Early release of Dutroux after abduction and rapesEdit
Dutroux had already committed similar crimes (kidnapping and rape of young girls). He had been imprisoned for that in 1989. He was however released early and was thus able to reoffend. Namely he was released in 1991 after only serving three and a half years of a thirteen-year sentence.
Dutroux had for example abducted Axelle D. on 14 December 1985. During her testimony she told the police that Peteghem had told her that "he was part of a gang" led by two gang leaders, "an Italian and a crazy stupid one." Jean Van Peteghem admitted to have taken part in the abduction. He said he had abducted the girl with Marc Dutroux and Michelle Martin. He had lived with Dutroux after being discharged from the military and having his marriage fail. Peteghem told police that the first victims of his and Dutroux were two girls from Morlanwelz. The victims were never recovered by police. On 7 June 1985 the first proven abduction by the two took place. They abducted eleven-year-old Sylvie D. On 17 October 1985 the pair abducted Maria V., 19, from Peronnes-lez-Binche. Maria V. also identified a third man that took part in her abduction and appeared to be in his fifties. The man was never found by police. On 17 January 1986 Catherine B., 18, was abducted from Obaix. Dutroux had one or two accomplices in her abduction that were never found by police. Peteghem was stationed as army personnel in Germany during that time and could not have assisted Dutroux. On 18 December 1985, Dutroux abducted Elisabeth G., 15, in Pont-à-Celles. Peteghem told police that Dutroux filmed Elisabeth naked and took pictures of her. At the beginning of February 1987, Martin, Dutroux and Peteghem were arrested. This had to a large extent been the fault of Peteghem who had given out a lot of information about him in conversations with the girls, which had been enough for police to identify him. The three were eventually convicted on 26 April 1989. Dutroux received 13.5 years. Peteghem received 6.5 years and Martin received 5 years. Dutroux received a harsher sentence because he had also committed several robberies with Peteghem. Dutroux was thus additionally convicted for the brutal robbery of a 58-year-old woman. The robbery was also committed with accomplices. One of the accomplices in this robbery was also never found by police. The early release of Dutroux was against the advice of the public prosecutor and against the advice of the psychiatrist who had examined him in prison and stated that he remained dangerous. The early release was granted by Melchior Wathelet.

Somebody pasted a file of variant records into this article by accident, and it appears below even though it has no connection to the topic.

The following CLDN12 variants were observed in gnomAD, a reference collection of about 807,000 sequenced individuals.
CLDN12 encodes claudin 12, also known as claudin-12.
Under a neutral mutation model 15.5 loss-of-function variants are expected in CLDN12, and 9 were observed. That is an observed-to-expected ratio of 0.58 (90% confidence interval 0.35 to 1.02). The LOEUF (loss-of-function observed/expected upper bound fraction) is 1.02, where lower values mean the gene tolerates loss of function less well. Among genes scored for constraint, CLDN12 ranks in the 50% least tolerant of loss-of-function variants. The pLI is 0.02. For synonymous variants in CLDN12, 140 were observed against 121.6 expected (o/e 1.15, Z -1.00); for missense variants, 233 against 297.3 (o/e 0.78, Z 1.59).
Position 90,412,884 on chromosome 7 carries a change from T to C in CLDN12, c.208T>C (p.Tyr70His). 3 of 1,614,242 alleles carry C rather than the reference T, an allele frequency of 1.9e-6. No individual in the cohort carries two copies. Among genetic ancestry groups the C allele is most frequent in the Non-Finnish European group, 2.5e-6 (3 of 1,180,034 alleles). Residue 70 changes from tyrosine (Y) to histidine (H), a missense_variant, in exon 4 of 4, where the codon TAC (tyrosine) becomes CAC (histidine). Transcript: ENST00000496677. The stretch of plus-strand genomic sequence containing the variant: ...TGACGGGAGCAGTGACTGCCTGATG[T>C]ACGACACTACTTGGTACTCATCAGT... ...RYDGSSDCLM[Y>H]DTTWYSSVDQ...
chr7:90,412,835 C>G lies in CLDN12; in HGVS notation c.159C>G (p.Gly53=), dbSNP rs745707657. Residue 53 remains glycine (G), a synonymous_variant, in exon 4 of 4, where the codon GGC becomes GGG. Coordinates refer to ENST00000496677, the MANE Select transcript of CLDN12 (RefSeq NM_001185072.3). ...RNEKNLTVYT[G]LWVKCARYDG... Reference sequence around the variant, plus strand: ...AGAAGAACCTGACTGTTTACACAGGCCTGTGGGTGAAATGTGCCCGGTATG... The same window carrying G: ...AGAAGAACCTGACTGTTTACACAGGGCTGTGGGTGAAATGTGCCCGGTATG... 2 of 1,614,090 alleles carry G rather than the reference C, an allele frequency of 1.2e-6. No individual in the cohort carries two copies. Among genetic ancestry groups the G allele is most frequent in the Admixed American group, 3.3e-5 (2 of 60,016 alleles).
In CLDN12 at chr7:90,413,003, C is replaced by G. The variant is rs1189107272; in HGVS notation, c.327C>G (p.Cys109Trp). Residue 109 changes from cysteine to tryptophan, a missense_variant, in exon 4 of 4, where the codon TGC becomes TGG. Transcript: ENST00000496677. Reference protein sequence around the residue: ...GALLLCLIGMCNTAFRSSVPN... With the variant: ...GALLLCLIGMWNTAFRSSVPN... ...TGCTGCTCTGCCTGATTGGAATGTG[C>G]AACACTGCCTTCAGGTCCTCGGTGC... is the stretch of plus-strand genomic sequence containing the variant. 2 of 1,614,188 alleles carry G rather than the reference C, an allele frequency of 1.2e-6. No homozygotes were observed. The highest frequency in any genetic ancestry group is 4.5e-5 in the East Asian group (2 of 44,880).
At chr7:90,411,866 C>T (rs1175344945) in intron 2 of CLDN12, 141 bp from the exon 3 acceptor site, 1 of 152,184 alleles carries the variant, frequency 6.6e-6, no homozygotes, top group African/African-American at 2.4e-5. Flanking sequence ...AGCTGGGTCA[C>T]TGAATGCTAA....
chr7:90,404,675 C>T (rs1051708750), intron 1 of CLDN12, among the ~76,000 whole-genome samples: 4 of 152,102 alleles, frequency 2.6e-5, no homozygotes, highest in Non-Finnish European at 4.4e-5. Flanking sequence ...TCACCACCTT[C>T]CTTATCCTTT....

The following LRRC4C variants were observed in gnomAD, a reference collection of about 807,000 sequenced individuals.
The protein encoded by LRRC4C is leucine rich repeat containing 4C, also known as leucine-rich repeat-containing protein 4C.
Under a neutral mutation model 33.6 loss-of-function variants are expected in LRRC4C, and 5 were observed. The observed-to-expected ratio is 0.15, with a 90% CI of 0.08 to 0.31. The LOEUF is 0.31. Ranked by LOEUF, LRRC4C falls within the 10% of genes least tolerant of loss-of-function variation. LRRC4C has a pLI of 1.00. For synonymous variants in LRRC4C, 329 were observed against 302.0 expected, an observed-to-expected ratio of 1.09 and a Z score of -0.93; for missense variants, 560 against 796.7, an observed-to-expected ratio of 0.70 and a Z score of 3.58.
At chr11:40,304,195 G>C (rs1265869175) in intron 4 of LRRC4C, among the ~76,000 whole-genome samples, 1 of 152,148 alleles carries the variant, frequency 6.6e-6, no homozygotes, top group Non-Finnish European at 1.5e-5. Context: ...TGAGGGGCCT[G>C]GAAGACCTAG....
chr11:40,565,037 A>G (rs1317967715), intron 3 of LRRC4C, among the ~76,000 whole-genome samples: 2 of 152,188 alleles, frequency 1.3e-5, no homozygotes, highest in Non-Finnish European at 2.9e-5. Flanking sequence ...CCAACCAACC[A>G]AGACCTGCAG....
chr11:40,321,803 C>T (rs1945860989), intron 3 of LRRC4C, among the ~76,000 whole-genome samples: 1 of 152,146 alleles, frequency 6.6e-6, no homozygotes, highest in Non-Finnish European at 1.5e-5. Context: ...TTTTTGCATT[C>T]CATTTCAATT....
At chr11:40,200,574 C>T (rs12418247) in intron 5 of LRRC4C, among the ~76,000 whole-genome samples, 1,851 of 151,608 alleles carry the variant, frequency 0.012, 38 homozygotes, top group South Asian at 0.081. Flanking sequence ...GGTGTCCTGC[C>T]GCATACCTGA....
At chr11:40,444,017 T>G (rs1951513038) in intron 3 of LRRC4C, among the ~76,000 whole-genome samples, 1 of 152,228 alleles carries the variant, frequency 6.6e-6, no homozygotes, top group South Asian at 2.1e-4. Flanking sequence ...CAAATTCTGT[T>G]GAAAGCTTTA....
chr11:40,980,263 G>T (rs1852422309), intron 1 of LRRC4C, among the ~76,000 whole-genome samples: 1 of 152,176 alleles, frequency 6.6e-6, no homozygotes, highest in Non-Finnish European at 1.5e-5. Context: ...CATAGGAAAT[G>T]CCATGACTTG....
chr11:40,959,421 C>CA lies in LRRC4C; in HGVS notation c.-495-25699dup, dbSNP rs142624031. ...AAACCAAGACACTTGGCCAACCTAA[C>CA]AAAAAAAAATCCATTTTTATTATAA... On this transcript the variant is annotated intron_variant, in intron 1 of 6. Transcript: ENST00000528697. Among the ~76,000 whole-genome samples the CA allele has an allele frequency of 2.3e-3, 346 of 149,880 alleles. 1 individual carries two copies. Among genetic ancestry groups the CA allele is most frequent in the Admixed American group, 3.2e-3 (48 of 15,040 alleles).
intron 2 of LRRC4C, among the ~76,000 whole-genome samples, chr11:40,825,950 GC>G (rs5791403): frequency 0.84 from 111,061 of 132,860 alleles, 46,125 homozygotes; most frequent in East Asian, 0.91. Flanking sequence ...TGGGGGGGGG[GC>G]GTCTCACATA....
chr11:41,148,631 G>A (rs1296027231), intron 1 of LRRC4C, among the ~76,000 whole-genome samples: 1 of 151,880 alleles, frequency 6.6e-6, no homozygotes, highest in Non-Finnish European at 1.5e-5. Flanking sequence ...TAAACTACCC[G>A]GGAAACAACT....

Granting Dutroux state assistance, sleeping pills and sedativesEdit
While in jail he managed to convince a health professional that he was disabled because of mental illness. He thus was able to collect public assistance by the Belgium government of $1,200 a month. He, furthermore, convinced the professional that he needed sedatives for sleeping problems. Dutroux later went on to use those sedatives to sedate his victims. and has had for decades. He owned seven small houses, most of them vacant, and used three of them for the torture of the girls he kidnapped. In his residence in Marcinelle, he constructed a concealed dungeon in the basement. Hidden behind a massive concrete door disguised as a shelf, the cell was 2.15 m (7 ft) long, less than 1 m (3 ft) wide and 1.64 m (5 ft) high. He has been described by psychiatrists who examined him for trial as a psychopath.
Crimes after releaseEdit
On 24 June 1995, eight-year-old classmates Julie Lejeune and Mélissa Russo were kidnapped after going for a walk in Grâce-Hollogne, probably by Dutroux, and brought to his house in Marcinelle. Dutroux kept them imprisoned in the dungeon he had created, repeatedly sexually abused them and produced pornographic videos of the abuse. Two months later, in the early hours of 23 August in Ostend, Dutroux and accomplice Michel Lelièvre kidnapped An Marchal and Eefje Lambrecks, two teenage girls from Hasselt who were on their way back to their holiday home in Westende following a night out in Blankenberge. With Lejeune and Russo already in the dungeon, Lambrecks and Marchal were kept chained up in a bedroom. In September, according to Martin, Lambrecks and Marchal were drugged and brought to Jumet, where Dutroux and accomplice Bernard Weinstein killed them by burying them in a hole.